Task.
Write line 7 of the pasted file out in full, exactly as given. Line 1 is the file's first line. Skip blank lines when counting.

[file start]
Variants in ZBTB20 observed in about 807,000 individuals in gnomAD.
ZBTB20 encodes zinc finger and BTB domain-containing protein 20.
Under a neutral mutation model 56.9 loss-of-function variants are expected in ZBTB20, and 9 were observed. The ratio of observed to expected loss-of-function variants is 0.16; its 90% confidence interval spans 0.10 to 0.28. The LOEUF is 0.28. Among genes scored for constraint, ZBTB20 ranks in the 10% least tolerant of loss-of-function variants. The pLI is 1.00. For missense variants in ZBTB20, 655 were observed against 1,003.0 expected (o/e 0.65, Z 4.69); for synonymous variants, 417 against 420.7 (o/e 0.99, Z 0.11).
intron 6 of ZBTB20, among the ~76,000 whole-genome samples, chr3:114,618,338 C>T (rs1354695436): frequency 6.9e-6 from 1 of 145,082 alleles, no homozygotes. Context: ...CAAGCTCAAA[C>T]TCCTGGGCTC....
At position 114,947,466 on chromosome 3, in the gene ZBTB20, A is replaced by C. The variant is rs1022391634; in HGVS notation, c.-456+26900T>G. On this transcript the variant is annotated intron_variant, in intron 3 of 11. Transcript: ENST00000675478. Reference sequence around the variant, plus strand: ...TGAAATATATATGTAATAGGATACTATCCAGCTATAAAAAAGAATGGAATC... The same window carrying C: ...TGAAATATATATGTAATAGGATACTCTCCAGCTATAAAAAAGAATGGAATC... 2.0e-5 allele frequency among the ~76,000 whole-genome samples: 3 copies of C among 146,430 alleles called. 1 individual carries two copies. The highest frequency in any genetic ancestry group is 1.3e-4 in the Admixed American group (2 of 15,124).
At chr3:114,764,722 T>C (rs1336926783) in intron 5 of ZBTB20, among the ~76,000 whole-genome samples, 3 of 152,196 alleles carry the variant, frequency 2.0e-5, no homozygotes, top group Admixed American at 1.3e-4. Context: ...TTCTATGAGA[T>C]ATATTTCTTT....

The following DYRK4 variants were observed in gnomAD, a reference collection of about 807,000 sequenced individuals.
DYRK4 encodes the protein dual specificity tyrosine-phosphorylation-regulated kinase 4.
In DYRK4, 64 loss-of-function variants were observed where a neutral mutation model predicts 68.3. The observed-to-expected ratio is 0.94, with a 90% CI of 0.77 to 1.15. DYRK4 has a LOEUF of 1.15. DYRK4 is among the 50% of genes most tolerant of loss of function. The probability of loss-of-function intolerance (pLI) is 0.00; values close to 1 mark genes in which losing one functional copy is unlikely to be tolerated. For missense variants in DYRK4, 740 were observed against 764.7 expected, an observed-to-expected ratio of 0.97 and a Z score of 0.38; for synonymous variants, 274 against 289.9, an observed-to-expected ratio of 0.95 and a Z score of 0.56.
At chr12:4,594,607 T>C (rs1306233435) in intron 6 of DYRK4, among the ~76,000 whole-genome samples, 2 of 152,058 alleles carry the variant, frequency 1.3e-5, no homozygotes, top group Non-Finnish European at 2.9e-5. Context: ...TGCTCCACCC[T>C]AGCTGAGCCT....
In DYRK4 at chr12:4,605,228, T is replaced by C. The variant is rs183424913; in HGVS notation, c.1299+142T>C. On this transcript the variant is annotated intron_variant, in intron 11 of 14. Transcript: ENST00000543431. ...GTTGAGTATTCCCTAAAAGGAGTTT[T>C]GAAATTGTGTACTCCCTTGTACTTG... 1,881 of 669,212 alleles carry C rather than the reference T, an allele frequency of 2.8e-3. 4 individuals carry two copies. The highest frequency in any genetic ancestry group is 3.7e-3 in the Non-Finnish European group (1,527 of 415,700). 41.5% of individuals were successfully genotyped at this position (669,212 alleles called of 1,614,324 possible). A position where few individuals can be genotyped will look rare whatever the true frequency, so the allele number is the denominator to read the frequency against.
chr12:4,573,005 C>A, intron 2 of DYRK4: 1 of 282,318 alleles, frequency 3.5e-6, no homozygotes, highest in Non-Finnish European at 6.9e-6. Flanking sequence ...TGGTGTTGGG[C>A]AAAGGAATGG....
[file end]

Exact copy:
The following DYRK4 variants were observed in gnomAD, a reference collection of about 807,000 sequenced individuals.